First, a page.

8 for 8: Celebrating International Women's Day at NCC

Prairie rose (Photo by Karol Dabbs)

Prairie rose (Photo by Karol Dabbs)

March 8, 2016 | by Julie Benoit | 0 Comments

To celebrate International Women's Day on March 8, 2016, I asked biologist Marie-Michèle Rousseau-Clair to answer eight questions about her work at the Nature Conservancy of Canada (NCC), along with what led her to her current role as stewardship  compliance manager.

1. First of all, please define the term "stewardship" in the context of your work.

To me, stewardship is about the long-term protection of natural areas. “Stewardship” encompasses all of the activities needed to ensure the protection and maintenance of natural ecosystems, including: surveillance, restoration, rehabilitation, species monitoring, the improvement of natural features on protected sites and public access. Stewardship is therefore a broad area with many possible outcomes.

2. Describe your role at NCC.

Since Canada boasts an impressive variety of ecosystems, it is important that we use the best possible tools in our work across the country. My role is to ensure that NCC adopts the best stewardship practices and standards. Above all, I aim to ensure that our stewardship practices are adopted as consistently as possible across the organization.

3. Has time in nature always been important to you?

As a child, I was lucky to grow up close to nature. I played in the forest next to our home every day. Nature was part of me, but I never imagined that it could one day shape my career!

4. When did you realize that you needed to make nature the focus of your career?

To be honest, my initial goal was to be a psychiatrist, to help people and contribute to a better world. But during my studies I realized that the best way to help was to protect the natural world that allows us to exist.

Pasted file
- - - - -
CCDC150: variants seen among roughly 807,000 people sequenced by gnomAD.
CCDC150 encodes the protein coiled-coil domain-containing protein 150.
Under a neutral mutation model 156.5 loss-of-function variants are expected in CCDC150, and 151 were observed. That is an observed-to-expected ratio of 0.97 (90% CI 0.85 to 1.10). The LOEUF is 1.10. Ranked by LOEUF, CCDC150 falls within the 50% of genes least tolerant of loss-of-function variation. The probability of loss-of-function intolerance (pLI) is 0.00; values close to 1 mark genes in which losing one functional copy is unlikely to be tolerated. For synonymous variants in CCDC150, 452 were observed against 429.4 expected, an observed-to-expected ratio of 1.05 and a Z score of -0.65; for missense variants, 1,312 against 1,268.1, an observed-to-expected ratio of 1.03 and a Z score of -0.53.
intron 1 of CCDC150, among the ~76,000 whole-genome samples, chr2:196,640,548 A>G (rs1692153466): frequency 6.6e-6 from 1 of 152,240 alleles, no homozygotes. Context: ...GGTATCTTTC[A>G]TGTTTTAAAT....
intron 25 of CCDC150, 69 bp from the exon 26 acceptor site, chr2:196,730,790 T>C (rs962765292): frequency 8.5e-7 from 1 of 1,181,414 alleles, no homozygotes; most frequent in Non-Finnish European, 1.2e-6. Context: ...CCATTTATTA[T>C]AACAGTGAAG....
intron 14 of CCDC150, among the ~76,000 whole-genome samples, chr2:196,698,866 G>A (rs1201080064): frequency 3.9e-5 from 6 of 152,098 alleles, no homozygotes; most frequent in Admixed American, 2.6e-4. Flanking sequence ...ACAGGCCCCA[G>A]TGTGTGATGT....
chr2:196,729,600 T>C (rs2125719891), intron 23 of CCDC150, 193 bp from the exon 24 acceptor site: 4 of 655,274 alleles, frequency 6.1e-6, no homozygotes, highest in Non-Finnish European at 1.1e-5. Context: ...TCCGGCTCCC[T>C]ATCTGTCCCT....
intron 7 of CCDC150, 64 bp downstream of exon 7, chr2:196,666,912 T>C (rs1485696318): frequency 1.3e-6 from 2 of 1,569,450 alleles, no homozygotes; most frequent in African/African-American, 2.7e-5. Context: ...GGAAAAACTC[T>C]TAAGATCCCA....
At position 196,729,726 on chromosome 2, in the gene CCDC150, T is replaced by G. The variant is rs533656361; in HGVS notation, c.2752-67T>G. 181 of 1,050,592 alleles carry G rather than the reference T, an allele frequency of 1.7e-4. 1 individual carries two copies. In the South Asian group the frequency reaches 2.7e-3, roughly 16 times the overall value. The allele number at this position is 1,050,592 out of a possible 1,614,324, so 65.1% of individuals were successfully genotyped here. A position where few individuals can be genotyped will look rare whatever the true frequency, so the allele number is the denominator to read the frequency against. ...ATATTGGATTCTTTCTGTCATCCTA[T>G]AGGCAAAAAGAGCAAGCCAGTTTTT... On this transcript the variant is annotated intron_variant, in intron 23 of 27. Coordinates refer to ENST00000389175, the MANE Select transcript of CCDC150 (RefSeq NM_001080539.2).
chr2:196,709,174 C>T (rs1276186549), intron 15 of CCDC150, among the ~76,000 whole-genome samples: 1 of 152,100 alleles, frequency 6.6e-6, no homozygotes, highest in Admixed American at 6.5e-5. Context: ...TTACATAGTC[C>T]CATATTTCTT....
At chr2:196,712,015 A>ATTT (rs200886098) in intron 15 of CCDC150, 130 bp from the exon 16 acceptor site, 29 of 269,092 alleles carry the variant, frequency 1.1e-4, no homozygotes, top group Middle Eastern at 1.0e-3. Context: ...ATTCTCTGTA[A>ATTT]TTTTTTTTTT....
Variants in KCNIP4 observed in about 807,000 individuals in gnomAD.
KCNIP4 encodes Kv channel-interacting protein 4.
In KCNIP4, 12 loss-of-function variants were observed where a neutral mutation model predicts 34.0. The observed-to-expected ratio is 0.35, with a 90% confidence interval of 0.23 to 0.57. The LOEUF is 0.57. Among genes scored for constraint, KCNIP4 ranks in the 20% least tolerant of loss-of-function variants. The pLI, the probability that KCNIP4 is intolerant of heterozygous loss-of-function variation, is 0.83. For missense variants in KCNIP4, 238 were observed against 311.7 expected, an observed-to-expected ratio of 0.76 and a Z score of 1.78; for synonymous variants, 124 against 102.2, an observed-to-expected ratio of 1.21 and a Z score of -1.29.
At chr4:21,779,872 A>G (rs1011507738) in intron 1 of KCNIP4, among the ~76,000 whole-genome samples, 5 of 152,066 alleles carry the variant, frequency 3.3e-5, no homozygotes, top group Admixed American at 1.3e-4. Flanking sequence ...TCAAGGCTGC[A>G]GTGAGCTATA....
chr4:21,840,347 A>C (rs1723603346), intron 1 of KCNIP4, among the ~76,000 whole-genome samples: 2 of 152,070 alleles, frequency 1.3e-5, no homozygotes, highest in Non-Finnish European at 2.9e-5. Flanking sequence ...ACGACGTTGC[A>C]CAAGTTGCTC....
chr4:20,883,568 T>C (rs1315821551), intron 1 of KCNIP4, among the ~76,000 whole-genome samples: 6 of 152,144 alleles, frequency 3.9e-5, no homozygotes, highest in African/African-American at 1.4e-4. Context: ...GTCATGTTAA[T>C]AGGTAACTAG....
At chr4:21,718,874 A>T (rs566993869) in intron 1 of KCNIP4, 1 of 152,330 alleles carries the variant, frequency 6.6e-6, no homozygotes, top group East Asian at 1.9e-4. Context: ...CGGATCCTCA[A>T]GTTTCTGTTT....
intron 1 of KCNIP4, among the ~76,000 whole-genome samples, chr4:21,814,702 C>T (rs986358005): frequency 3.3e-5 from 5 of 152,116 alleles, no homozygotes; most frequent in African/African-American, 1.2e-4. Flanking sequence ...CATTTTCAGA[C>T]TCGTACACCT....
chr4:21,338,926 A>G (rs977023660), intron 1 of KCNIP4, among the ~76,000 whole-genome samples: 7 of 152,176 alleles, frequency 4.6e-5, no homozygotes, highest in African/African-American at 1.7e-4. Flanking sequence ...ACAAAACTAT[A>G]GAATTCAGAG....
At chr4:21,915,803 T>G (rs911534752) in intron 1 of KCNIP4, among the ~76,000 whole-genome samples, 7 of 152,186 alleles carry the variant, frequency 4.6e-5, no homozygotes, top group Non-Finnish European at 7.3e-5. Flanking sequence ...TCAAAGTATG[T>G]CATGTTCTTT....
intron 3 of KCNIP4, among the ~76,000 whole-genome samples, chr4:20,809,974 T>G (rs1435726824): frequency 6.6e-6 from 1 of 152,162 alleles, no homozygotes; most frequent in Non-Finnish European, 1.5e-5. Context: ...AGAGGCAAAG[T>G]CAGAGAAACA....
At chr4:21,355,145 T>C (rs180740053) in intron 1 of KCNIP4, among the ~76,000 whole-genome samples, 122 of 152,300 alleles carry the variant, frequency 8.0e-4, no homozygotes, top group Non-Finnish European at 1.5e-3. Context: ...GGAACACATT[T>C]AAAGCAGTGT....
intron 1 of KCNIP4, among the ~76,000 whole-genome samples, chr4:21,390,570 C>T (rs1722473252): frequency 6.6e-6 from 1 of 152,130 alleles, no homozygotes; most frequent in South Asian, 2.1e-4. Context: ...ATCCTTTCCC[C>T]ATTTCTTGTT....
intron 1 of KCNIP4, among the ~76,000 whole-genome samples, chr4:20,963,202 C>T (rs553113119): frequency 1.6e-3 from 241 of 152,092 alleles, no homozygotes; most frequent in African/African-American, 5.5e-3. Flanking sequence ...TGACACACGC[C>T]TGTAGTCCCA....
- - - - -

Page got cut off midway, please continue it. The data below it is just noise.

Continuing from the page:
5. Tell us some more about your academic studies.

In the end I didn’t end up enrolling in medicine! My passion for the natural sciences led me to a bachelor’s degree in biology. That’s really where that I became aware that nature could form an important part of my career, without necessarily pursuing a career in research. I then continued my studies with a master’s in project management and restoration, and finally a diploma in stewardship and sustainability.

6. Please describe your professional journey so far.

My master’s degree included an internship for which I needed to produce an analysis of an organization’s project management processes. With a bachelor’s  in biology and wishing to integrate nature into my career, an internship with the Nature Conservancy of Canada seemed to me to be the perfect fit. I fell in love with this work! I quickly progressed from intern to employee, and have quietly moved up the ranks. It’s been nearly nine years since I started working at NCC.

7. What qualities do you possess that make you a good fit for your work with NCC?

I’m resourceful, a problem-solver, reliable and not scared of change.

8. What do you predict is the future of conservation?

I believe that conservation organizations will need to address a growing demand for access to natural areas, without compromising the protection of the rarest and most fragile habitats. The general public will also expect that conservation groups continue to improve their practices and prove to our supporters that we are an efficient and effective organization contributing to the long-term conservation of our natural areas.

About the Author

Julie Benoit Is the manager of French services for the Nature Conservancy of Canada.

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